pelargonium guide & flowery photo album

how to propagate pelargoniums from cuttings

one of the wonderful things about pelargoniums is that they are so easy to propagate. it can be done by seeds if you're looking at growing species or F1 cultivars but the easiest way - and the only way for most cultivars - is by taking cuttings. here's how to do it:

:: THE POTS ::
i prefer terracotta. i think they're prettier and better for the environment but most importantly, they drain faster and pelargoniums don't like to get their feet wet. you'll need to soak the pots before use. put them in a bucket of water for at least a couple of hours. if you're reusing old pots, it's real smart to make sure you don't transfer any bacteria or virus to your new plants so put some disinfectant in the water. i use chlorine.
use the smallest possible pot. for cuttings, i use the ones that are 6 cm in diameter at the top. they're tiny, i know, and you'll need to re-pot most plants fairly soon. it is easier, however, to give good care with these small pots. you can water them without risking water log as they are small enough to drain quickly. and you'll see more quickly when the plant is strong enough to receive fertilizer by the size of the roots.

:: THE SOIL ::
for cuttings you'll need to use a neutral soil - same as you'd use for seeds or any other cutting. some people prefer to use only this in the beginning and then mix it later but i use mixed soil from the beginning to make sure there will be drainage right the core of the root system.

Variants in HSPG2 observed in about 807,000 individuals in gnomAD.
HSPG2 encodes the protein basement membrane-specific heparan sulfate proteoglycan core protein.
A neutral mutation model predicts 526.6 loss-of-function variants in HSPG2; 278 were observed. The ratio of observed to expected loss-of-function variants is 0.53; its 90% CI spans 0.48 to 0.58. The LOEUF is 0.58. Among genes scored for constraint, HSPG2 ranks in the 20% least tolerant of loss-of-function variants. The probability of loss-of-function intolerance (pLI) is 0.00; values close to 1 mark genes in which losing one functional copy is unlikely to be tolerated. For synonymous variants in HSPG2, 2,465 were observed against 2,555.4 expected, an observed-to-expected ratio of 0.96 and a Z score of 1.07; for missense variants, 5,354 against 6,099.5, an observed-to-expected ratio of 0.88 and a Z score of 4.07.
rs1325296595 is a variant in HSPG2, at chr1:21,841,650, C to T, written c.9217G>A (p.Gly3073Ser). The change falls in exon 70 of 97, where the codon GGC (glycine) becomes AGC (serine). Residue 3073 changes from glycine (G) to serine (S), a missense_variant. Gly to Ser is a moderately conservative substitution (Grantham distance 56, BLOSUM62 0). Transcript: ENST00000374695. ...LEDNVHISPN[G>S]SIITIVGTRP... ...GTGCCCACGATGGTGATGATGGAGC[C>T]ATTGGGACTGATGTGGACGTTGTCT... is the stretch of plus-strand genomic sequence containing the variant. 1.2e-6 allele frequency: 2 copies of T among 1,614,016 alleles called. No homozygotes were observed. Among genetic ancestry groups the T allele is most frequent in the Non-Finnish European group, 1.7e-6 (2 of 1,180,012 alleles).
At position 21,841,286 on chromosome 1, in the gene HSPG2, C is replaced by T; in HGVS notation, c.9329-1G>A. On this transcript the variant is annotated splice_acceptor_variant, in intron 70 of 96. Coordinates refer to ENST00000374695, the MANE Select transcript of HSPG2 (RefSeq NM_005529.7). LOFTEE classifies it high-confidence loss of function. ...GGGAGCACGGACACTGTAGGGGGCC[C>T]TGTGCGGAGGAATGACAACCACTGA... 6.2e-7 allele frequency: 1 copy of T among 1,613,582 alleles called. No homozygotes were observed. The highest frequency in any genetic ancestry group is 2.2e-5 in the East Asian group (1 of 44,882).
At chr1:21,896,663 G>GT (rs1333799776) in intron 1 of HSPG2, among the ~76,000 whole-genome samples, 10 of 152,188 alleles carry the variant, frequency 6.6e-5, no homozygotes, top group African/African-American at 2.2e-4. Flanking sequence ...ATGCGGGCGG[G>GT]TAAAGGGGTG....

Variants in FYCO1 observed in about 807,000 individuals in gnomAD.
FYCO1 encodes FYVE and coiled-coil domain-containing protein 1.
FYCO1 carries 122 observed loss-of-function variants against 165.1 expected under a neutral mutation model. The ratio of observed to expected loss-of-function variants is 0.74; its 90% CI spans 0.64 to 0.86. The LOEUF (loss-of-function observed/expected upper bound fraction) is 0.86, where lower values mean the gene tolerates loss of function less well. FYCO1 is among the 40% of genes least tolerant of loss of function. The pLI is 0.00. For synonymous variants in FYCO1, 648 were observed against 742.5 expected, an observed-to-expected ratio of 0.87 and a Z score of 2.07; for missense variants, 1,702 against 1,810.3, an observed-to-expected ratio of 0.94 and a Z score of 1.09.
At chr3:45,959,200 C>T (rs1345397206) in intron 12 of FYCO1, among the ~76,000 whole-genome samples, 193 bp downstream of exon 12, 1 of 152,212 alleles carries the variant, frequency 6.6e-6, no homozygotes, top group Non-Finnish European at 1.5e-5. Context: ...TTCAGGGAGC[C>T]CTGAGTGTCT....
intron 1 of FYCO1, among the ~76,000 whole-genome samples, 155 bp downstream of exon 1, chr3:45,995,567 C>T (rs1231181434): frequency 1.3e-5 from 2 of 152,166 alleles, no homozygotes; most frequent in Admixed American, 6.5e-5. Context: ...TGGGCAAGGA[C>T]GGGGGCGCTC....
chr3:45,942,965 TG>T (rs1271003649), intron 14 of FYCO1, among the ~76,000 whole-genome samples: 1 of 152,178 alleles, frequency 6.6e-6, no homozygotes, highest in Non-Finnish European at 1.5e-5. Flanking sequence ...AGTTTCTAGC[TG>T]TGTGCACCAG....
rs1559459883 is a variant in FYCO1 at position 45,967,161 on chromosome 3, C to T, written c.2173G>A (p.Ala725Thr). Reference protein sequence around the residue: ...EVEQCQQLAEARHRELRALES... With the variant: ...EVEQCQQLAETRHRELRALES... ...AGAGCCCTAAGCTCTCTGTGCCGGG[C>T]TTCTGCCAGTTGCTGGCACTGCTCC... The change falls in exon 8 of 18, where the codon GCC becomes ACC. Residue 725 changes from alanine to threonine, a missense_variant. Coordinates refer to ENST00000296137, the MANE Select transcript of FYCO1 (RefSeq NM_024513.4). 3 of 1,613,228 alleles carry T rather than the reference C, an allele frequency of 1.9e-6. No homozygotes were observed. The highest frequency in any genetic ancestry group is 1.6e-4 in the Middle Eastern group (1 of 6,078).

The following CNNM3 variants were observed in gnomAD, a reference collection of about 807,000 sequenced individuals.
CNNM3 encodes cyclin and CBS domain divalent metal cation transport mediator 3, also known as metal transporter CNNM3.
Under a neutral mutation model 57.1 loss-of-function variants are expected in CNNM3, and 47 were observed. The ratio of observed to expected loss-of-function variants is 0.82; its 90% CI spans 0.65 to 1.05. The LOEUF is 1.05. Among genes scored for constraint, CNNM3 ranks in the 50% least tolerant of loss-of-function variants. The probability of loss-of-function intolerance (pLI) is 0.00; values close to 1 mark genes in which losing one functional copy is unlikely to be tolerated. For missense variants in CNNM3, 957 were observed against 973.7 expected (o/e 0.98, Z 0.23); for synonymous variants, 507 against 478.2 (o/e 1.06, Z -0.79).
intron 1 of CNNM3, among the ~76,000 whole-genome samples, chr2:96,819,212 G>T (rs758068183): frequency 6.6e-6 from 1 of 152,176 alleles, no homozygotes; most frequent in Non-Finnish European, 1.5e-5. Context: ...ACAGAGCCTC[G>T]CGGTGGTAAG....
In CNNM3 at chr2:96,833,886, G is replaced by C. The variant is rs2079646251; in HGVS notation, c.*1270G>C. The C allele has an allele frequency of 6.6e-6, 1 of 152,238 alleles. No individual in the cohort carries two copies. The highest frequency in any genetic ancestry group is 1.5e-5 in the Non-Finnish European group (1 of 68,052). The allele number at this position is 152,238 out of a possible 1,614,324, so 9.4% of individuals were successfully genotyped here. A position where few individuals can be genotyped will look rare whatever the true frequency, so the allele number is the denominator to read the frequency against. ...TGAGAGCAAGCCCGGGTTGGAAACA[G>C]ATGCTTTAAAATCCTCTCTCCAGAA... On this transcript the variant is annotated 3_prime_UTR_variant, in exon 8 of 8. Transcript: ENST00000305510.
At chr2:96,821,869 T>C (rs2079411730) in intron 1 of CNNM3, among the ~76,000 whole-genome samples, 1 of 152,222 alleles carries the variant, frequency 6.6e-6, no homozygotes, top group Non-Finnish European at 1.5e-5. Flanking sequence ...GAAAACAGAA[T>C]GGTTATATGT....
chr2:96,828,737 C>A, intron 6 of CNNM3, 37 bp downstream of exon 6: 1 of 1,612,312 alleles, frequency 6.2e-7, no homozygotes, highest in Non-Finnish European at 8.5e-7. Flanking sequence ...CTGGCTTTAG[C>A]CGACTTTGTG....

i mix one half growing soil with another half of leca and coarse sand. the leca needs to be the smallest size, 2-4 mm, and if you can't get your hands on that then stick with sand. i buy the sand in a pet shop, the kind used for birds is sterilized and therefore perfect. otherwise you can use a mix of beach sand and gravel and then sterilize it by baking it in the oven!

:: THE CUTTING ::
take a look at the old plant, it will probably have some new shoots. it might seems brutal to cut it but remember that the more branches your plant has, the more flowers you'll see. after a long winter, most cultivars are happy to get a good trim and you can also shape your old plant in this way.
remember that it is not necessary to cut your plants! a lot of books & sites write about trimming as if it's something you have to do but it's not. it's about propagation, aesthetics and perhaps giving cuttings to someone else. quite a few of the pelargonium freaks i've met or heard of keep a small version of every plant they have in their collection in order to be on the safe side if something should happen to the mother plant :-) i trim my plants if they look like they are struggling too much or if they've grown completely out of shape. some people do it to save room over the winter. and then, off course, the cuttings are excellent to swop if you are after new kinds of pelargoniums.

new plants grow best from a fresh shoot, so find one of those soft green ones that looks really succulent and eager. you don't want one where the leaves are really far apart as will happen if the plant is reaching too far for light. the strongest part of the stem is close to the tip, so short cuttings will be the healthiest.
when you've found a good place to cut, do it just above a node. a node is where leaves, branches or stipuli grows or has grown. if nothing is there, it'll look like an eye on the stem.

:: PREPARATION OF THE CUTTING ::